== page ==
After a half a day’s travel in cold rain towards the forest the group found an abandoned guard outpost. The outpost had flowers and grass growing out from between the masonry, but the roof was still intact. Thankful for the respite the party went inside the small building.
“So, how long do you think this place has been abandoned?” Tribst poked at the stools positioned around a small table. “The wood’s not rotten.” He sat down on the stool.
“I’d guess it hasn’t been used as a guardhouse for a long time. Maybe someone else has been using it.” Amir looked out the window, ever alert.
Erin tested another stool then sat down. “Well, at least we can have a short meal in peace.” She pulled a few pieces of dried jerky from her pack. “Who wants some?” She popped a piece in her mouth and began to chew slowly.
Reaching down and taking a piece from Erin’s hand Throbor shrugged. “Whoever’s been using this place isn’t here. It’s a cold day and it’s raining so it wouldn’t surprise me if they’re holed up somewhere.”
Tribst took a piece of the jerky and began chewing on it. “Aram, you want some?”
“Yeah, sure. Just don’t want to let anything sneak up on us.” Aram snagged the last piece from Erin and broke it in half. He put the first half in his mouth but didn’t chew.
“You, know, on Earth jerky is a delicacy.” Erin moved her stool against the wall and leaned back. “It comes in a whole bunch of different flavors, too.”
“Really?” Throbor sounded interested. “What can you tell us about Earth?”
“I can really only tell you about the country I’m from. I know some older stuff about other countries, but I haven’t lived there.” Erin shrugged. “I’m sure America would be interesting to you guys, but it feels boring compared to what I’ve done since I’ve gotten here.”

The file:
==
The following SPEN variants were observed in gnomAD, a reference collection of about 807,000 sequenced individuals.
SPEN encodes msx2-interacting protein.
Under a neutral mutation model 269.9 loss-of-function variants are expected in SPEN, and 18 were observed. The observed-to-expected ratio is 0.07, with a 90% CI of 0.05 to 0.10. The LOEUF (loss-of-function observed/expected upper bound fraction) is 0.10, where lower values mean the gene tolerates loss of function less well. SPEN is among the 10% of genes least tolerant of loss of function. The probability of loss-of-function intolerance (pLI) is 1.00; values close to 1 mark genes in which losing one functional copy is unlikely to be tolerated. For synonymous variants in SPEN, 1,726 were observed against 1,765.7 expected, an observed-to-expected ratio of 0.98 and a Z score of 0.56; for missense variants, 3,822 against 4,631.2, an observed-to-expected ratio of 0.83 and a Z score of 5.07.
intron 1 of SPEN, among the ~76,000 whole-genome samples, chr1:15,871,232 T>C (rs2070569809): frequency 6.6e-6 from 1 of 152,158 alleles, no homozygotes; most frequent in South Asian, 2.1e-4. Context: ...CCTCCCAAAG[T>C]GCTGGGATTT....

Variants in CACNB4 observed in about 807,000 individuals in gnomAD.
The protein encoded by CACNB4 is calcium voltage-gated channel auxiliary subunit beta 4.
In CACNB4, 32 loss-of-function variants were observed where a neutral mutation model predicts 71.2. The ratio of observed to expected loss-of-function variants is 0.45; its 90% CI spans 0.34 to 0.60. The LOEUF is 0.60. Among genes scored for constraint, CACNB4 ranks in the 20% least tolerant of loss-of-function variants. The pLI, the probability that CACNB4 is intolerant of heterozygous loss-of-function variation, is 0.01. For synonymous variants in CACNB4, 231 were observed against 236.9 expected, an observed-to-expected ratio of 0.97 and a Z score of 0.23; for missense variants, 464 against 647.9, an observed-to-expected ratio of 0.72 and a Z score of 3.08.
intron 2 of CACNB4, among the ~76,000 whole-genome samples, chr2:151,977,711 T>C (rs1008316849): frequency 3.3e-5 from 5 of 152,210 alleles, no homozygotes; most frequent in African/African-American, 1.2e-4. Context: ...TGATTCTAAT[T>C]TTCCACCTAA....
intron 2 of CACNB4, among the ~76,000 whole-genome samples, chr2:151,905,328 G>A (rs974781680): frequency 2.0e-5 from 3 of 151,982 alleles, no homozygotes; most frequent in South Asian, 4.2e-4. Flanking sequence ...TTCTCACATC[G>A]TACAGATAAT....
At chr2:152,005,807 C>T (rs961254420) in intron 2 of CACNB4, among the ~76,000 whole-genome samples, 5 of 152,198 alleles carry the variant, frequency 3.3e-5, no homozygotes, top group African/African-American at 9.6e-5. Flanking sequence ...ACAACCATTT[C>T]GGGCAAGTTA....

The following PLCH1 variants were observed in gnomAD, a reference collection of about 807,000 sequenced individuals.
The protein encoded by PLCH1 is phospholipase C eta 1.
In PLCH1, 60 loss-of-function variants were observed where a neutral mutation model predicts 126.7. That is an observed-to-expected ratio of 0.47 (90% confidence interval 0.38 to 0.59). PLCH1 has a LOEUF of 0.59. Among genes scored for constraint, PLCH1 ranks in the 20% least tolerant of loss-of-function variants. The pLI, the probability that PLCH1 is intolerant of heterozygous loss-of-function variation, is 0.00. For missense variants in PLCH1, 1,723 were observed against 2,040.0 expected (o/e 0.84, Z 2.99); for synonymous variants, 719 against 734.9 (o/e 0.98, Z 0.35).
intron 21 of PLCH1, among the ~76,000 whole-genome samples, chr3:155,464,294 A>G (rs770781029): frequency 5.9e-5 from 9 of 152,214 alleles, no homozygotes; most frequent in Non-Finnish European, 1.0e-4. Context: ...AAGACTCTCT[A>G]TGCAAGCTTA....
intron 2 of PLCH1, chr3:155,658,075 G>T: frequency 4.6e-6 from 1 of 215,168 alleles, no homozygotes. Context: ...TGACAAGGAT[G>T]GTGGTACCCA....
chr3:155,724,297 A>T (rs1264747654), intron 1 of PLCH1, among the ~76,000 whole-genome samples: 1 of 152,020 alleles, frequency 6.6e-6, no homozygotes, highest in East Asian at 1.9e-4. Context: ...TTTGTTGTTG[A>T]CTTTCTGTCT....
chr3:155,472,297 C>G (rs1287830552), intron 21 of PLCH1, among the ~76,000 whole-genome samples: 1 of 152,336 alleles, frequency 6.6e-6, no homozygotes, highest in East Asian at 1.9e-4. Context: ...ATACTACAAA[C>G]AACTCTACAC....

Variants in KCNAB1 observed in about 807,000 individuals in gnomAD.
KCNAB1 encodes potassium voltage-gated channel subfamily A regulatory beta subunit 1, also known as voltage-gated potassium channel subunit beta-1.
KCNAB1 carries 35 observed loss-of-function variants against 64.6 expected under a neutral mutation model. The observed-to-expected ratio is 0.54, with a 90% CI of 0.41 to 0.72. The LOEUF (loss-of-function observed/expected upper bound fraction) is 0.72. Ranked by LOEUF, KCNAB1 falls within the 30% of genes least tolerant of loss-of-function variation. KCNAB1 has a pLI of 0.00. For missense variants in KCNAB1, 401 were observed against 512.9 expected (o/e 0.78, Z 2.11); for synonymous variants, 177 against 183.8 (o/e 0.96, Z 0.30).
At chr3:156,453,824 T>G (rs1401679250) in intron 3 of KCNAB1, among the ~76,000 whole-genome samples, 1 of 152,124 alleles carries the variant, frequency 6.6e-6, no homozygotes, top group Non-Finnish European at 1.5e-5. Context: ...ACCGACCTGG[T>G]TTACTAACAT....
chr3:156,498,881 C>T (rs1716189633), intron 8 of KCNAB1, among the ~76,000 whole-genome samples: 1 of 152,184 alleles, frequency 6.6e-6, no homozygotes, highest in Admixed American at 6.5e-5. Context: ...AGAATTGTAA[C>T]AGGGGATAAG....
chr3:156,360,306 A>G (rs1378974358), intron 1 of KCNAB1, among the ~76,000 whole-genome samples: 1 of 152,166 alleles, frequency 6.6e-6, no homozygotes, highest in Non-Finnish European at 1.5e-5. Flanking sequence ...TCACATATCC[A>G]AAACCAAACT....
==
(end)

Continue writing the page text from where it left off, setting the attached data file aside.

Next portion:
Aram chewed and swallowed the first half of his jerky. “This feels relaxing to me. I’m used to standing vigil on a ship for days straight then rushing into battle on the shore.” He shook his head. “That magic pulled me from a battle. I think I was about to die.”
“Well, I don’t know much about your culture. On Midgard, humans that fall in battle go to Valhalla.” Throbor shrugged. “I expect that they really go to the open arms of Hel, but I’m not a human.”
“Hel? Who’s that?” Tribst was jotting things down in a small tome.
“If I’m not mistaken,” Erin replied, “Hel is the goddess of the underworld, and the underworld is also known as Hel.”
“Right. You know a lot about the culture here and from my home.” Throbor motioned to Aram. “What about his culture?”
Erin looked at Aram. “What is the name of your home realm?”
“Yerkir.” Aram shrugged. “Our common tongue was once known as Armenian.”
“Oh,” Erin shook her head. “I don’t know much about Armenian myths. In my realm, there’s a country called Armenia, but they mostly follow a different religion. I don’t know anything about the old one.”
“What about Nevre, do you know anything about that?” Tribst asked, unsure if he wanted to know the answer.
Erin shrugged again. “Never heard of it before coming here. Nevre isn’t part of Earth at all…at least as far as I know.”
“So, what’s America like, then?” Throbor asked, intrigued.